Sandro Magister turns in an illuminating report on new Notre Dame professor Tariq Ramadan, whose carefully ambiguous statements about Islam and the Sharia I examine in Onward Muslim Soldiers. This from Chiesa:
A Muslim intellectual has achieved star status in French-speaking Europe. He draws crowds of young immigrants and speaks to them with charismatic fervor. He enchants the anti-globalization left and the readers of “Le Monde Diplomatique.” He cites with equal mastery the Koran and Nietzsche, Heidegger and the sayings of the Prophet. He is admired by Fr. Michel Lelong, the leading Islam’s scholar of the Church in France. He sells thousands of cassette recordings of his sermons. His name is Tariq Ramadan. . . .
In recent months he has been accused of anti-Semitism. He has had harsh confrontations with influential Jewish intellectuals such as Bernard-Henri Levy, AndrÃ© Glucksmann, and Bernard Kouchner. “Le Monde” and other important newspapers have published critical reviews about him. But for Ramadan, this is all proof of the rightness of his position and of the West’s innate hostility toward Islam.
The phenomenon of Tariq Ramadan wasn’t born in a vacuum. His maternal grandfather, an Egyptian, is Hassan Al-Banna, who in 1929 founded the Muslim Brotherhood, the most important Islamist movement of the twentieth century. His father, an exile in Geneva, was one of its most active promoters. And his brother Hani — with whom Tariq denies having connections — directs, also in Geneva, an Islamic center accused of contact with the terrorist network of Al-Qaeda.
But his ideological allegiances are more important than his ancestry. Tariq Ramadan — working within the very heart of the West — weaves together Islamic politics and the radical criticisms of Western rationalism made by Nietzsche, Heidegger, Cioran, GuÃ©non, and neo-Marxist and anti-global currents. . . .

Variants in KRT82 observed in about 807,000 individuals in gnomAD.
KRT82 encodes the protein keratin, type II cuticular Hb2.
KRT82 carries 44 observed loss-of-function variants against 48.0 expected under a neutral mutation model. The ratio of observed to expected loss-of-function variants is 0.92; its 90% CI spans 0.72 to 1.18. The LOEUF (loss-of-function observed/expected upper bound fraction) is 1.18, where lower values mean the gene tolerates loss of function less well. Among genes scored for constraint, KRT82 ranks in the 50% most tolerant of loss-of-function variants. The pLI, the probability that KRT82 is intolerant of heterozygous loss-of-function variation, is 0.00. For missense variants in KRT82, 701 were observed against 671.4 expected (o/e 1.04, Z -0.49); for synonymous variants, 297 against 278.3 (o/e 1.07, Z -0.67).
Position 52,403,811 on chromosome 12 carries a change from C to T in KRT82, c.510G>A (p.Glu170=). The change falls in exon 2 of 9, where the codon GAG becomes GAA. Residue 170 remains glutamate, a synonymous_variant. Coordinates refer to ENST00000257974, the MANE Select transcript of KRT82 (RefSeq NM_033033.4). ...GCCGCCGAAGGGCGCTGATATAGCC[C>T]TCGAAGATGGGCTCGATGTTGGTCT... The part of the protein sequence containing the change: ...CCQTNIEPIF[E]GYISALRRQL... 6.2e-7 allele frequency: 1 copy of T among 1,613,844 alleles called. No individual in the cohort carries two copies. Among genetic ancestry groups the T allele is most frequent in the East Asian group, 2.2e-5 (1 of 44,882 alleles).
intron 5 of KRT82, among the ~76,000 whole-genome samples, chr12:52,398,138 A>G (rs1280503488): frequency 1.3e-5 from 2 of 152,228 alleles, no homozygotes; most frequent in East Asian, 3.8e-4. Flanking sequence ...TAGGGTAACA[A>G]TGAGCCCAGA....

Tariq Ramadan also sees the West in decline. And into the spiritual void left by Judaism and Christianity, Islam can enter and overcome, no longer enduring modernity, but islamicizing it. The Western public likes Ramadan because his vision includes elements of democracy, equal citizenship, and free expression. He debates both secularized Muslims and those who separate themselves in closed communities. He announces the birth of a fully European Islam. And he ventures on this long journey armed with the doctrine of the taqiyya, or the art of dissimulation, a typical Islamic practice on enemy soil.
In Italy, the most acute analysis of this anti-Western soul from a Muslim point of view is found in the book “Global Islam” by Khaled Fouad Allam, an Algerian, professor of Islamic studies at the universities of Trieste and Urbino.
Then there is an article by the Orthodox theologian Olivier ClÃ©ment:
There have certainly always been in France, and there still are, fundamentalist currents of complete hatred and refusal toward Western culture. But these instances from other times have never been able to demolish or even exploit the juridical and mental structures of our society.